You’re not the only one, bub.
Upstairs, we start pushing boulders down to use as bridges across the lava, but the battles are just beginning.
There’s this seadra fight on the second floor…
…and when we come back down, a level 37 dragonair.
It hits hard. Hard enough that we have to break out the potions for… what, only the second time in this entire playthrough?
I honestly have no idea why I did this, but rather than keeping Sabin in the ring to throw down rock attacks at what I’m guessing is a dragon/flying-type, once Sabin’s taken another big hit, I switch him out for Galuf.
Which requires yet another potion. Hyper this time.
Galuf’s able to handle the rest of the fight on his own, but not before going back into the yellow.
Given how hosed we’d have been without potions in that last fight, I’m not quite sure we’re ready to face Clair.
I think we’re gonna head back out for now. Might as well check out the area around town — maybe gain a few levels.
Just south of Blackthorn is Route 45.
It runs south to Route 46, but there should also be a cave right around here somewhere.
And there it is:
Pitch black. Of course.
And we don’t have Edward with us to light the place up — so for now we’ll see what we can catch and be on our way.
…a wild what? Nothing about this Pokemon makes any sense to me. I couldn’t even guess what type is it, so I don’t know what moves not to use.
Let’s try… water?
Thankfully, it doesn’t kill the thing. But it barely does anything.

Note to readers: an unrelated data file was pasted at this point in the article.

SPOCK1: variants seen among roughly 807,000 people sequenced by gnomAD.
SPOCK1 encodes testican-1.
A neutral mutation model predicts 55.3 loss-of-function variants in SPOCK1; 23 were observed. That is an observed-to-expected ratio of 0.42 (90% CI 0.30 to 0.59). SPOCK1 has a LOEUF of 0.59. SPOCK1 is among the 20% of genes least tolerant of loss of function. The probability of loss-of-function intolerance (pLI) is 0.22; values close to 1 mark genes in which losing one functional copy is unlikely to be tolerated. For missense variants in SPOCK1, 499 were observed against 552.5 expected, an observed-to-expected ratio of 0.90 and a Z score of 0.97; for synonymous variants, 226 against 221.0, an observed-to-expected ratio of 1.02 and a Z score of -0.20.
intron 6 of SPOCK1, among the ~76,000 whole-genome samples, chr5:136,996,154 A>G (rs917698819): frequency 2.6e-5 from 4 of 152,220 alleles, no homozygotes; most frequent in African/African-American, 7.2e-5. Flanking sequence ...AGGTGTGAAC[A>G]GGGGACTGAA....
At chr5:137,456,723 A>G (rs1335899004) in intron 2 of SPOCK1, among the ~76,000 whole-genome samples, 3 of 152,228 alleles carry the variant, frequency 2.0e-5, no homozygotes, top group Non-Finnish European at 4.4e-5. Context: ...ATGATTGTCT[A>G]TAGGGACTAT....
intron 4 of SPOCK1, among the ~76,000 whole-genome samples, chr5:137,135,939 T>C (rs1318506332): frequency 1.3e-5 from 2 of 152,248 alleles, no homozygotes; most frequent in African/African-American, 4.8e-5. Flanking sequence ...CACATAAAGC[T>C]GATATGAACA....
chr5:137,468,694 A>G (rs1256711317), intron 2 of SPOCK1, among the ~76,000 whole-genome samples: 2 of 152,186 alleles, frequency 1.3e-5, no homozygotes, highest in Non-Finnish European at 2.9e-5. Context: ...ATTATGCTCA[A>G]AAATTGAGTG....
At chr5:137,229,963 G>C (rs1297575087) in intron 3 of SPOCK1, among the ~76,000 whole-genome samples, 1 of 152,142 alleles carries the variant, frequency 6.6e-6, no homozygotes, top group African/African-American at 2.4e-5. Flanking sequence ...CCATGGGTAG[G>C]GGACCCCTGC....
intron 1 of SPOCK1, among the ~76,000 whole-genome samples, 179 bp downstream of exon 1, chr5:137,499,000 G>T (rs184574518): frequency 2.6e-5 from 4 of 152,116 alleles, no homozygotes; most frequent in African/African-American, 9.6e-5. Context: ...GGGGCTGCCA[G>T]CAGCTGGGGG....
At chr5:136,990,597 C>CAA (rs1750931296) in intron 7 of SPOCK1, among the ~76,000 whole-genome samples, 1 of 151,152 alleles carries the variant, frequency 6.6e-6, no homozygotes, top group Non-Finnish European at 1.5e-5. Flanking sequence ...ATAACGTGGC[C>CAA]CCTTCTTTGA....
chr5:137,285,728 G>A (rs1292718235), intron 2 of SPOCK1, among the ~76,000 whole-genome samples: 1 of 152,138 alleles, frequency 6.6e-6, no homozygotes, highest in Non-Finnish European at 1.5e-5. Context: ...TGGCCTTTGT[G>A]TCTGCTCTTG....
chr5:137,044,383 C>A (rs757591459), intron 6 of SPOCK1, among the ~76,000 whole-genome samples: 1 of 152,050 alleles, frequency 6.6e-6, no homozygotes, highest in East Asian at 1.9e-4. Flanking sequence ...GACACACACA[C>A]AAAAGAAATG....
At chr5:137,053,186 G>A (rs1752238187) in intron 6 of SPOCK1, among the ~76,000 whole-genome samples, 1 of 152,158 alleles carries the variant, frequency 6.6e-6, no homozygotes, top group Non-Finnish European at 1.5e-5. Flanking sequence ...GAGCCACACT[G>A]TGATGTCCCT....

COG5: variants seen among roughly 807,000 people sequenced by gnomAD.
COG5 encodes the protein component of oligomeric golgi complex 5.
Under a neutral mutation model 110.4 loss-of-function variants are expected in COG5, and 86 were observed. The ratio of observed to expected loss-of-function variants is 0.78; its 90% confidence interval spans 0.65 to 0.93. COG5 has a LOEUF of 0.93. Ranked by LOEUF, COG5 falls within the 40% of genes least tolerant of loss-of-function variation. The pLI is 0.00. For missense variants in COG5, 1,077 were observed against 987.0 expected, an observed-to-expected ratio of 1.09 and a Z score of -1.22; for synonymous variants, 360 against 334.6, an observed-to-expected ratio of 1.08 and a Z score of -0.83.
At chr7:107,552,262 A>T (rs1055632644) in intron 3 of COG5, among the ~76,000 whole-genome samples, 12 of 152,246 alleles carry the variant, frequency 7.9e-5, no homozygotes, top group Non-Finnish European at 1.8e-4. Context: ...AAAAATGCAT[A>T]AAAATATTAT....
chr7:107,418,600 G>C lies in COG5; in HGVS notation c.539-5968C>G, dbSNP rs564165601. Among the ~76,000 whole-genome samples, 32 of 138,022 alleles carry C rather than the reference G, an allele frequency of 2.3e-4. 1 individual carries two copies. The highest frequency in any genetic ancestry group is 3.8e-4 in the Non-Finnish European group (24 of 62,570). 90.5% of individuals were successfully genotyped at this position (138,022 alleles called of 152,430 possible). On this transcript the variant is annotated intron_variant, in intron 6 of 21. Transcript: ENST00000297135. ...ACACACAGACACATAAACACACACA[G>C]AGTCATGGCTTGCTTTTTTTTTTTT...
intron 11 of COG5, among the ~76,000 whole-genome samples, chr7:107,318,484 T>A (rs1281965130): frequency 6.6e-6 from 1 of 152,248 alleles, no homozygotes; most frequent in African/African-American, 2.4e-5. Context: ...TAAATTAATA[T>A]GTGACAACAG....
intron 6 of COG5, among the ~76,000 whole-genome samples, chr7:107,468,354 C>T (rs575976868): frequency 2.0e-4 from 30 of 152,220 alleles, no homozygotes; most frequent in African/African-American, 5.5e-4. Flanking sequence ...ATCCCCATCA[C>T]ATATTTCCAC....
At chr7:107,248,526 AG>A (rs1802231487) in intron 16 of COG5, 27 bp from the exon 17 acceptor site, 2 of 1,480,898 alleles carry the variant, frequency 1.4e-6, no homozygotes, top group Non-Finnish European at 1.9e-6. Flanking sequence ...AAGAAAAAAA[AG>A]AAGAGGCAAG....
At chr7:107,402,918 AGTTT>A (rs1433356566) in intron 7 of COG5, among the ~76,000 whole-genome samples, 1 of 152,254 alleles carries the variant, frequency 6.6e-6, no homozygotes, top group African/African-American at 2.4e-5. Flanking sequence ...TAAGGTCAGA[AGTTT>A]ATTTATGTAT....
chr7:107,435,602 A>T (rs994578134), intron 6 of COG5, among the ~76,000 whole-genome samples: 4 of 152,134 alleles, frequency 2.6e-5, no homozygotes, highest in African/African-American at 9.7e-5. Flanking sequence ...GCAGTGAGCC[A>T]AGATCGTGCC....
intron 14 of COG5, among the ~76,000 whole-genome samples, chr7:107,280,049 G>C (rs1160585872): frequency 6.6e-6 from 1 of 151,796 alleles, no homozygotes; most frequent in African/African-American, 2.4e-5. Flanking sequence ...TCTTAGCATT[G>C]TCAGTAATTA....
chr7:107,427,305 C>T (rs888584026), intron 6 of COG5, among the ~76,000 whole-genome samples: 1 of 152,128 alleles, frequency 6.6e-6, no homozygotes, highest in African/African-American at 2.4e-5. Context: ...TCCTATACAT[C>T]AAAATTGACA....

Wobbuffet hits considerably harder.
Maybe if we could just put it to sleep…
No such luck. And the wobbuffet follows with whatever this is:
“Enemy Wobbuffet’s trying to take its opponent with it!” I don’t know what that means, but I don’t like the sound of it.
I refuse to lose Minwu to a wild Pokemon. And I ain’t missing another catch.
Screw this. We’re busting out the Ultra Balls.
Seriously? I… really didn’t expect that to work.
Statistically speaking, it shouldn’t have.
Were any girls watching?
Back outside, we decide to venture down Route 45 and 46 and see what there is to see.
The answer is not much.
Aside from a few items lying around, we hike through the grass and hop down the cliffsides and come across nothing particularly interesting.
There are a few trainers to battle, and another missed catch (phanpy this time)…
…and then we’ve hit the cliffs above the Dark Cave exit and Route 29, where ages ago we captured Sabin to be our secret weapon against the the murderous miltank of Goldenrod City.
Seems like forever ago.
When we return to the Silver Cave with Edward in tow, the big reveal is that it’s almost completely pointless.
All it is is a short tunnel that just serves to meet up with the Dark Cave, which we’ve already explored thoroughly.
Only thing in the whole place is this guy:
He gives us some “black-glasses” to power up one of our Pokemon’s dark-type moves. As it turns out, Shadow is dark-type, so they go straight to him. ‘Course, he’s pretty under-leveled and I don’t know if we’re ever going to use him, but it doesn’t hurt.
And that’s the end of that.
It dawns on me now that we’ve just finished exploring the entire region of Johto. Everything on the map, at least. We’ve been to every named location on there, with the exception of the Dragon’s Den directly behind the Blackthorn City gym.
Nothing left to do but return to Blackthorn and finish this badge-collecting business for good.